Results tagged ‘ Garvey ’
PHOENIX — When Braves Minor League manager Luis Salazar was recently struck in the face by a line drive and lost his left eye, it was another strange hit to the 1984 Padres, the first team in club history to win the National League pennant and ascend to the World Series. They lost in five games to the Tigers.
Salazar was a back up infielder, displaced at third base by an aging Craig Nettles, who was obtained in a trade with the Yankees just prior to the start of that regular season. This year, Salazar was standing in the dugout during a Spring Training game in Florida and didn’t know what hit him.
There is a dark cloud hovering over the ’84 Padres team and this was just the latest incident.
Starting pitcher Eric Show and second baseman Alan Wiggins died young, Show, at 37 of a drug overdose, Wiggins at 32, from AIDs linked to the injection of drugs.
Then there is the cancer cluster. Dave Dravecky lost his left (throwing) arm to cancer. Coach Jack Krol died of cancer related to his constant use of chewing tobacco. And Tony Gwynn, the NL batting champion that season and an eight-time winner in his 20-year career, is battling cancer for the same reason.
Phil Collier, the beat writer for the San Diego Union who covered that team, was diagnosed that year with prostate cancer and eventually died from it. Wayne Lockwood and Barry Lorge, both columnists for the Union back then, are also gone. Wayne had Parkinson’s and Barry died of cancer. Bob Chandler, a now retired Padres play-by-play announcer, is a prostate cancer survivor. I was the beat writer for the San Diego Tribune that season and I’ve survived colon cancer — not once, but twice. In another ironic twist, I’ve been blind in my left eye since a childhood accident.
Ray Kroc, the McDonald’s founder and club owner who saved the team for San Diego, had a major stroke and died before the start of that season. The Padres wore an “RAK” patch on their shoulders all that year to honor him. His wife and successor, Joan, died in 2003 because of a brain tumor.
With apologies to the 1998 Padres team that also went to World Series where they were swept by the Yankees, the postseason in ’84 is still the most exciting week of Major League Baseball ever played in San Diego. It was staged at the old ballpark in Mission Valley before it was expanded and enclosed for football in front of raucous crowds of almost 60,000 for every game.
It included the Padres’ come-from-behind victory over the Cubs in what was the final best-of-five NL Championship Series.
Steve Garvey won Game 4 in Mission Valley with a two-run walk off homer in the bottom of the ninth. In Game 5 there was Tim Flannery’s grounder that skidded through the legs of Leon Durham, the first baseman whose glove had been accidentally doused in Gatorade by Ryne Sandberg, the NL’s MVP that season. The Padres even split the first two World Series games, winning Game 2 at home over a Tigers team that won 111 games — including the postseason — and was clearly one for the ages. Unfortunately they lost the next three at old Tiger Stadium.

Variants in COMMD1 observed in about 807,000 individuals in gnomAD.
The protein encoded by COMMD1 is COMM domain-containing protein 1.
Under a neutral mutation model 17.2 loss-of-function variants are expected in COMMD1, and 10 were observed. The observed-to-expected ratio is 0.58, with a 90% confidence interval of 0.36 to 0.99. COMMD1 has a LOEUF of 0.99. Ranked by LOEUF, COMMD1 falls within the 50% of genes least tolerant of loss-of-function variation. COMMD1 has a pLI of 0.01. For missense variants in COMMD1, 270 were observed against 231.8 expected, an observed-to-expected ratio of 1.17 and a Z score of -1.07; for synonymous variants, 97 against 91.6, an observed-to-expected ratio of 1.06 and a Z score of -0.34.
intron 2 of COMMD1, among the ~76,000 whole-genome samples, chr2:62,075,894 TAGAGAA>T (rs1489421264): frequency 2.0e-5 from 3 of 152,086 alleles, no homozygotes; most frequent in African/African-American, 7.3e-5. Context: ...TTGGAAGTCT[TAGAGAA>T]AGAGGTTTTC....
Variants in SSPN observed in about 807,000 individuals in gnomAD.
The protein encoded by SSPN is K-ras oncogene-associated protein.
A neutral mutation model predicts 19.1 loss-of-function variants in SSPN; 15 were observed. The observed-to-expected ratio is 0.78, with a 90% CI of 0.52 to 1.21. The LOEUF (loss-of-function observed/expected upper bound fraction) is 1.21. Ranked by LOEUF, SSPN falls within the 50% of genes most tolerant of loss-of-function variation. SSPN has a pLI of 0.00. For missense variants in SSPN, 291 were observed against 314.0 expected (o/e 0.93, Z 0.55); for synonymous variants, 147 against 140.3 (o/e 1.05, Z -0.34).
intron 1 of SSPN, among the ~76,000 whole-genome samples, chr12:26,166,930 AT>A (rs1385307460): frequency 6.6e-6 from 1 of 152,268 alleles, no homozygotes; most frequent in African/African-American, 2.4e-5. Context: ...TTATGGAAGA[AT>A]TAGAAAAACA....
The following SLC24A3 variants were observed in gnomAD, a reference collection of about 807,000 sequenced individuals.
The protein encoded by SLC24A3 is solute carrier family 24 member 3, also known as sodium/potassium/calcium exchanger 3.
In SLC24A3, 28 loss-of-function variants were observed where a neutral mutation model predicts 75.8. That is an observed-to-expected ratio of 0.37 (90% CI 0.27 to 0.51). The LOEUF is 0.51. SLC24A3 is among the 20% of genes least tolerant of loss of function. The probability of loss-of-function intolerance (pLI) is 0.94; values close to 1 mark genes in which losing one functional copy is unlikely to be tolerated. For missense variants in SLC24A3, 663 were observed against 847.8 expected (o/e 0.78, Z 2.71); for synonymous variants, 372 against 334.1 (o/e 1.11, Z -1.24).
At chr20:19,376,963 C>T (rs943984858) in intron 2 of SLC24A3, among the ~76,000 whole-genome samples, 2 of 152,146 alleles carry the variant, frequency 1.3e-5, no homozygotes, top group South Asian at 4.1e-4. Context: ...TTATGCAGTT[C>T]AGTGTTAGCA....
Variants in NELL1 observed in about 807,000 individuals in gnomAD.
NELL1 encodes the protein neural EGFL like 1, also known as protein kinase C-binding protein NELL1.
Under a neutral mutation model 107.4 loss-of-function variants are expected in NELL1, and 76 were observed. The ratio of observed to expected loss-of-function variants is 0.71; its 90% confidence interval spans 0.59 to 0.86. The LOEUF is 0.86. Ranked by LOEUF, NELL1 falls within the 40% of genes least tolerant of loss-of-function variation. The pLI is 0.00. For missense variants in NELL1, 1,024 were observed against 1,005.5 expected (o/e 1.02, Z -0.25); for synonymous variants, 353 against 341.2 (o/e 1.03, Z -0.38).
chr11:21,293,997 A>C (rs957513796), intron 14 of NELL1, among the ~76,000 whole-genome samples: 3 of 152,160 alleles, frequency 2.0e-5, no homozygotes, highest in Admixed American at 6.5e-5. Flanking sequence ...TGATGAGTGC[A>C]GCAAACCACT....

To those among the survivors — Dick Williams and Jack McKeon, Tim Lollar and Andy Hawkins, Steve Garvey and Puff Nettles, Goose Gossage and Garry Templeton, Kevin McReynolds and Carmelo Martinez, Craig Lefferts and the first Greg Harris, Ballard Smith and Dick Freeman, and of course, Bruce Bochy, Terry Kennedy and Tim Flannery — stay well and healthy.
And to Louie a speedy recovery. May the wind always be at your backs.
I don’t vote for the 12 people who are on the latest Veterans edition of the National Baseball Hall of Fame ballot. That will have to wait until early next month when the annual list is sent out to eligible members of the Baseball Writers’ Association of America.
But if I was on the 16-member Expansion era committee, which is charged with voting by the Dec. 6 Winters Meetings in Orlando, Fla., the choices would be easy: I’d go with the Garv and the Boss.
Why Steve Garvey never made it during his 15 years on the Writer’s ballot has always been a mystery to me. I voted for him every time, although he always finished somewhere in the middle of the pack. Despite his obvious impact on Major League Baseball, this is George Steinbrenner’s first time on a ballot considered by any configuration of the Vets committee with the express purpose of voting for owners.
The Garv: National League MVP in 1974, All-Star MVP in 1974 when he won his spot as a write in, NL Championship Series MVP twice — once in 1978 for the Dodgers and again in ’84 with the Padres when he had the single best offensive NLCS game I’ve ever seen: 4-for-5, 5 RBIs, and a walk-off, two-run homer to win Game 4 in San Diego against the Cubs. Still an NL record 1,207 consecutive games played. Need I go on?
The Boss: Made free agency what it is today with his signings of Catfish Hunter, Reggie Jackson and Goose Gossage from 1976-78. Under his sometimes chaotic guidance the Yankees won seven World Series and 11 American League pennants after he bought the club in 1973. The rest of what today constitutes the American League East has won the Fall Classic a TOTAL of five times during that same period — Toronto and Boston twice each, Baltimore once. If the Hall is about numbers, those are incredible numbers.
This is not to say there aren’t plenty of other worthy people on the new Vet ballot. Marvin Miller and Pat Gillick should also be elected. I’ve also always thought that Ron Guidry and Ted Simmons have been seriously overlooked.
But if I were among the august Gang of 16 my first choices would be the Garv and the Boss. To garner the necessary 75 percent they each need 12 of the 16 votes. I’ll be waiting.